There’s No Place Like Home. The White Building, Phnom Penh, Cambodia.
Crumbling, ramshackle and situated slap bang in the centre of a rapidly changing Phnom Penh, The White Building seems oblivious to the glass and steel high-rises sprouting up all around it. But the thriving community of more than 2,500 artists, nuns, sex workers and civil servants who live in this sprawling slum are all too aware that the place they call home is on borrowed time.
Cambodia is one of the fastest growing economies in Asia – its GDP climbed more than 7% each year between 2010 and 2013 – and foreign developers are keen to cash in on a booming market. In 2014, the construction sector attracted almost 2,000 projects, with a total investment of $2.5 bn, and among all this is The White Building which is squatting on prime real estate.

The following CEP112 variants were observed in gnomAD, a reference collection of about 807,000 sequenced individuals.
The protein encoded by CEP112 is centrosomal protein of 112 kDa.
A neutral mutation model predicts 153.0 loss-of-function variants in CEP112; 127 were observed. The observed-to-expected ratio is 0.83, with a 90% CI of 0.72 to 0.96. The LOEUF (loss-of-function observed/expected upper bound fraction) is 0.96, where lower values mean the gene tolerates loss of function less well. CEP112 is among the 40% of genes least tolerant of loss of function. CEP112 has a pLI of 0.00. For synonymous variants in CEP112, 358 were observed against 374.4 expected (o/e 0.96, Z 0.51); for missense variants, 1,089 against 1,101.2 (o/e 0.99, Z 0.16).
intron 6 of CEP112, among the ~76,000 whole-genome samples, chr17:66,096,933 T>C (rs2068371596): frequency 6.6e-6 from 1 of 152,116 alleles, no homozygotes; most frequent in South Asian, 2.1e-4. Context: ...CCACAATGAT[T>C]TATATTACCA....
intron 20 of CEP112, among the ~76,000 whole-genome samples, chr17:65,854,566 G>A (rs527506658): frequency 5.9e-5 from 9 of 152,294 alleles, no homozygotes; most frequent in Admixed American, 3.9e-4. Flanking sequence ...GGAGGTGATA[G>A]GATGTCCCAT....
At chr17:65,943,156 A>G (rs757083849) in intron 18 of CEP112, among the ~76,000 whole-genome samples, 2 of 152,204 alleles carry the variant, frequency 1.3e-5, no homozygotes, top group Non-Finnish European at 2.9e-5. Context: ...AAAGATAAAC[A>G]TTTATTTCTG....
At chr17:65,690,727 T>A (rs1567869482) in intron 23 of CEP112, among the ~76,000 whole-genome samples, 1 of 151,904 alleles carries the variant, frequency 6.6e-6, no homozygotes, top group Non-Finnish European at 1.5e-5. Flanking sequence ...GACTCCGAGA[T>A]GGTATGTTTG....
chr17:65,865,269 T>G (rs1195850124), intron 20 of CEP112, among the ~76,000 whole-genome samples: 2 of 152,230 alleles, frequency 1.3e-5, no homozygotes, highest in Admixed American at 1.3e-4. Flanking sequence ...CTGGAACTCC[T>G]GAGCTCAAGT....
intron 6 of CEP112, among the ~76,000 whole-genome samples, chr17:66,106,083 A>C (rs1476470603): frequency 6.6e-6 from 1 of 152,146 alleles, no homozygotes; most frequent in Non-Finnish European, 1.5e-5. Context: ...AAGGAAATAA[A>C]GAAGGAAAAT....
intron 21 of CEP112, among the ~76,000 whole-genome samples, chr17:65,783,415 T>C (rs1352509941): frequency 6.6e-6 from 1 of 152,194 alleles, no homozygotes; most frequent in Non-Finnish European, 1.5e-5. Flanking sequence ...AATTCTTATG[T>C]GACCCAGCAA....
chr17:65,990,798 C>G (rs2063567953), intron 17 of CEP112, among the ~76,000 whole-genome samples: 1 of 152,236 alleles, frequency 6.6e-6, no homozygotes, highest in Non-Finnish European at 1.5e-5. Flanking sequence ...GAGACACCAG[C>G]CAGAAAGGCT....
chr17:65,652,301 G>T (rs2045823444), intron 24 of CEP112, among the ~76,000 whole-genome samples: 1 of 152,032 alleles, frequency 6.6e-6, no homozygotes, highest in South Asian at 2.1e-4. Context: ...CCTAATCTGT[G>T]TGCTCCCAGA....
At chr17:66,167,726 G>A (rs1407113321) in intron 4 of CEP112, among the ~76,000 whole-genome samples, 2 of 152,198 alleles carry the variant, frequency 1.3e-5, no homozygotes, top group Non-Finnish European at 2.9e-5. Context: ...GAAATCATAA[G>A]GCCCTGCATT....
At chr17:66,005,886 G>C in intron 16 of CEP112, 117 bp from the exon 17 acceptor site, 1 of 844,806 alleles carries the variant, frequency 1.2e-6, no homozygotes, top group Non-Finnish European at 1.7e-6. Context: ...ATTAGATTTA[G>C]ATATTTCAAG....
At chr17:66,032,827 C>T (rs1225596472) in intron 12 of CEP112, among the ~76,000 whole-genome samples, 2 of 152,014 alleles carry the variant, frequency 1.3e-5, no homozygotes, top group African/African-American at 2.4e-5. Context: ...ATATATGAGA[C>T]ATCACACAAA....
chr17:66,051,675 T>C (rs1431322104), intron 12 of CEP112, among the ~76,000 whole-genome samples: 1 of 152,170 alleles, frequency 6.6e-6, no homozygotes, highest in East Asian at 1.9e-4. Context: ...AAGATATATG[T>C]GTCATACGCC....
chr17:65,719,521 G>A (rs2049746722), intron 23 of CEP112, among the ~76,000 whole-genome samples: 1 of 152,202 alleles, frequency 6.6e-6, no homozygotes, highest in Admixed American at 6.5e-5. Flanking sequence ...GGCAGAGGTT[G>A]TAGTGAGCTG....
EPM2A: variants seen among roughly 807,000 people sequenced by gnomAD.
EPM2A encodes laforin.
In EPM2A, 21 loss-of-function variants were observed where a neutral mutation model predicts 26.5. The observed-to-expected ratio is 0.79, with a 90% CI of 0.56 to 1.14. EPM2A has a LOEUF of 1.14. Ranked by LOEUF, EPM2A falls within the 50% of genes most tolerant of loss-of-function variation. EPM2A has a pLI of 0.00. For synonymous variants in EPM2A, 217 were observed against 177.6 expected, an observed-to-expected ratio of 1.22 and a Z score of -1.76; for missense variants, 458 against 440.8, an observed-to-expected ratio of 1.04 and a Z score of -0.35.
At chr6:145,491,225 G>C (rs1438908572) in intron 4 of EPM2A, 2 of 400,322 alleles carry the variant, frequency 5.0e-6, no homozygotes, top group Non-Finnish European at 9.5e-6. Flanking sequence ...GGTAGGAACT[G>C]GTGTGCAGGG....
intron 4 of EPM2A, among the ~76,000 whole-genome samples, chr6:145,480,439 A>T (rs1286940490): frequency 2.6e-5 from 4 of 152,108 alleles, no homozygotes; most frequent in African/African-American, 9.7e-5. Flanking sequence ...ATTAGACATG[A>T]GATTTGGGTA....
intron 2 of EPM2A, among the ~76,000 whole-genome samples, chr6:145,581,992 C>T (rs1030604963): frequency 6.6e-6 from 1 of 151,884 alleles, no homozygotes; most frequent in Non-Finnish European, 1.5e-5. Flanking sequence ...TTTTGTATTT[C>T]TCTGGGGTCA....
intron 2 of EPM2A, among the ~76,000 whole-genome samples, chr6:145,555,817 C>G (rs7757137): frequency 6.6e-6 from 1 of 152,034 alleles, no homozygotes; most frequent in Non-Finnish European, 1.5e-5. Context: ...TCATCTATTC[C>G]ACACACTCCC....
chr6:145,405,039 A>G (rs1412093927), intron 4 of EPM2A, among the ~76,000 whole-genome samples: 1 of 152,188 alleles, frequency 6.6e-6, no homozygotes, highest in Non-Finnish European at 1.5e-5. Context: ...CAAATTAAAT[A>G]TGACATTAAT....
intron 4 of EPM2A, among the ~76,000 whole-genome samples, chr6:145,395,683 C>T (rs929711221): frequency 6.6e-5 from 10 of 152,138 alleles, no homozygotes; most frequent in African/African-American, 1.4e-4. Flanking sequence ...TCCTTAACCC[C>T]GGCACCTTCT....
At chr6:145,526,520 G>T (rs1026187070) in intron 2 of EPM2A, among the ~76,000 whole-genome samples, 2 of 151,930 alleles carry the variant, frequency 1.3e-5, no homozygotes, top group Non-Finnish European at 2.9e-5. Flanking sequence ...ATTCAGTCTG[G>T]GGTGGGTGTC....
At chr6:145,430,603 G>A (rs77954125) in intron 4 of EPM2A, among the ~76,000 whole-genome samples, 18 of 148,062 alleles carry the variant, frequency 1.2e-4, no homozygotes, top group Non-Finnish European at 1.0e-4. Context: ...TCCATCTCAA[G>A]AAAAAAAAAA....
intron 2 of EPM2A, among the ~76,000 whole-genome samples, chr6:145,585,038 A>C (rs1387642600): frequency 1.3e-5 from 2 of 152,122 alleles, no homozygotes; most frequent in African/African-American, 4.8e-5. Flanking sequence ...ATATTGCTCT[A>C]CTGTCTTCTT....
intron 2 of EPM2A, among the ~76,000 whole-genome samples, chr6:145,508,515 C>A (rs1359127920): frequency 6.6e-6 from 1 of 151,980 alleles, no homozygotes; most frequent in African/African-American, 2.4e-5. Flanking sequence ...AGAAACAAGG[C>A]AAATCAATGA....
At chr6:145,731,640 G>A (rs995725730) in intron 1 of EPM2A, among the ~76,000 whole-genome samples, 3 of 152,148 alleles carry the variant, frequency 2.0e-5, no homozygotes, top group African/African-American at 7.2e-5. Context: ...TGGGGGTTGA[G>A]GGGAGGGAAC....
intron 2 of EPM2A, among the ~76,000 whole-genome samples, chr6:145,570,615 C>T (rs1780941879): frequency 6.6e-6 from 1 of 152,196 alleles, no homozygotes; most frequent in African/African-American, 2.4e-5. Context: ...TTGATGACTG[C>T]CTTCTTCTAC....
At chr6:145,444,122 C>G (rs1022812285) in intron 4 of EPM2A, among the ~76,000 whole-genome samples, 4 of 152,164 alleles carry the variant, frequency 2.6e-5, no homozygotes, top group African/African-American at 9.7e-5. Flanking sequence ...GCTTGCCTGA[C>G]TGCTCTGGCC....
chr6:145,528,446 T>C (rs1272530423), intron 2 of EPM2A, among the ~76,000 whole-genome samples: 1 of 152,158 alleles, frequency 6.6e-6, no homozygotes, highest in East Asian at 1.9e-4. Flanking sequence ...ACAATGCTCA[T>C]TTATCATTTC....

On 20th July 2015 residents were served a formal eviction notice amid rumours that the land has been earmarked for a luxury hotel. Although many have already been deported to the peripheries of the city, those who have stayed are finding creative ways to try and save the homes their families have lived in for generations.